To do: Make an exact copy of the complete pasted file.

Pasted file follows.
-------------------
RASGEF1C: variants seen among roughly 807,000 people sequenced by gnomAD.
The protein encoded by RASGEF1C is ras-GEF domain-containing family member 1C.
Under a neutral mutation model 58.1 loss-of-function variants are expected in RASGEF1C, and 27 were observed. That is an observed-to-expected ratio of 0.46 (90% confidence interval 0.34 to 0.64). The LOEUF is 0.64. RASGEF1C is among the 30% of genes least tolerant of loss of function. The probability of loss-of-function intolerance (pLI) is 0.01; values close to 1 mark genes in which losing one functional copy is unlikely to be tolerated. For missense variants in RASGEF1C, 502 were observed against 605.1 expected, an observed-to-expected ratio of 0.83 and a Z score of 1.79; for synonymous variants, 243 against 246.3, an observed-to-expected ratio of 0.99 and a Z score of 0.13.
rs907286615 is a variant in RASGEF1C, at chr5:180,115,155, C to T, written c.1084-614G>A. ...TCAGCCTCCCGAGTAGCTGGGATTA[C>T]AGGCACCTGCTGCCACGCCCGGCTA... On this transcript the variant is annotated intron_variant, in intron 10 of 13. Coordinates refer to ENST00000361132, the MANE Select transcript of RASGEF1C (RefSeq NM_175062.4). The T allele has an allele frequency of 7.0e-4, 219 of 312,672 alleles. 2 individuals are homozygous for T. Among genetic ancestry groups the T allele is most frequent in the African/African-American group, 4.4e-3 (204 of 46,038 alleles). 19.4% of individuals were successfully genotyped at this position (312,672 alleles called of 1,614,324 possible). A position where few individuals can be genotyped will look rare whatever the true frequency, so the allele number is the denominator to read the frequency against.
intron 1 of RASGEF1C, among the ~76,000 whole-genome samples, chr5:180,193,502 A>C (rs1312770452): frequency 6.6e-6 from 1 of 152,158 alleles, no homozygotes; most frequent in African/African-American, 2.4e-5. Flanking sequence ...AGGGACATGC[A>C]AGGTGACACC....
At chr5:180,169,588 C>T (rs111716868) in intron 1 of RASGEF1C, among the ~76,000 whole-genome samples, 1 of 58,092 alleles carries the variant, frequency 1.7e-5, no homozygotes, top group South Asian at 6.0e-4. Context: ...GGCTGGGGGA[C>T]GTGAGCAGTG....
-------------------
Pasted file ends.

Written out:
RASGEF1C: variants seen among roughly 807,000 people sequenced by gnomAD.
The protein encoded by RASGEF1C is ras-GEF domain-containing family member 1C.
Under a neutral mutation model 58.1 loss-of-function variants are expected in RASGEF1C, and 27 were observed. That is an observed-to-expected ratio of 0.46 (90% confidence interval 0.34 to 0.64). The LOEUF is 0.64. RASGEF1C is among the 30% of genes least tolerant of loss of function. The probability of loss-of-function intolerance (pLI) is 0.01; values close to 1 mark genes in which losing one functional copy is unlikely to be tolerated. For missense variants in RASGEF1C, 502 were observed against 605.1 expected, an observed-to-expected ratio of 0.83 and a Z score of 1.79; for synonymous variants, 243 against 246.3, an observed-to-expected ratio of 0.99 and a Z score of 0.13.
rs907286615 is a variant in RASGEF1C, at chr5:180,115,155, C to T, written c.1084-614G>A. ...TCAGCCTCCCGAGTAGCTGGGATTA[C>T]AGGCACCTGCTGCCACGCCCGGCTA... On this transcript the variant is annotated intron_variant, in intron 10 of 13. Coordinates refer to ENST00000361132, the MANE Select transcript of RASGEF1C (RefSeq NM_175062.4). The T allele has an allele frequency of 7.0e-4, 219 of 312,672 alleles. 2 individuals are homozygous for T. Among genetic ancestry groups the T allele is most frequent in the African/African-American group, 4.4e-3 (204 of 46,038 alleles). 19.4% of individuals were successfully genotyped at this position (312,672 alleles called of 1,614,324 possible). A position where few individuals can be genotyped will look rare whatever the true frequency, so the allele number is the denominator to read the frequency against.
intron 1 of RASGEF1C, among the ~76,000 whole-genome samples, chr5:180,193,502 A>C (rs1312770452): frequency 6.6e-6 from 1 of 152,158 alleles, no homozygotes; most frequent in African/African-American, 2.4e-5. Flanking sequence ...AGGGACATGC[A>C]AGGTGACACC....
At chr5:180,169,588 C>T (rs111716868) in intron 1 of RASGEF1C, among the ~76,000 whole-genome samples, 1 of 58,092 alleles carries the variant, frequency 1.7e-5, no homozygotes, top group South Asian at 6.0e-4. Context: ...GGCTGGGGGA[C>T]GTGAGCAGTG....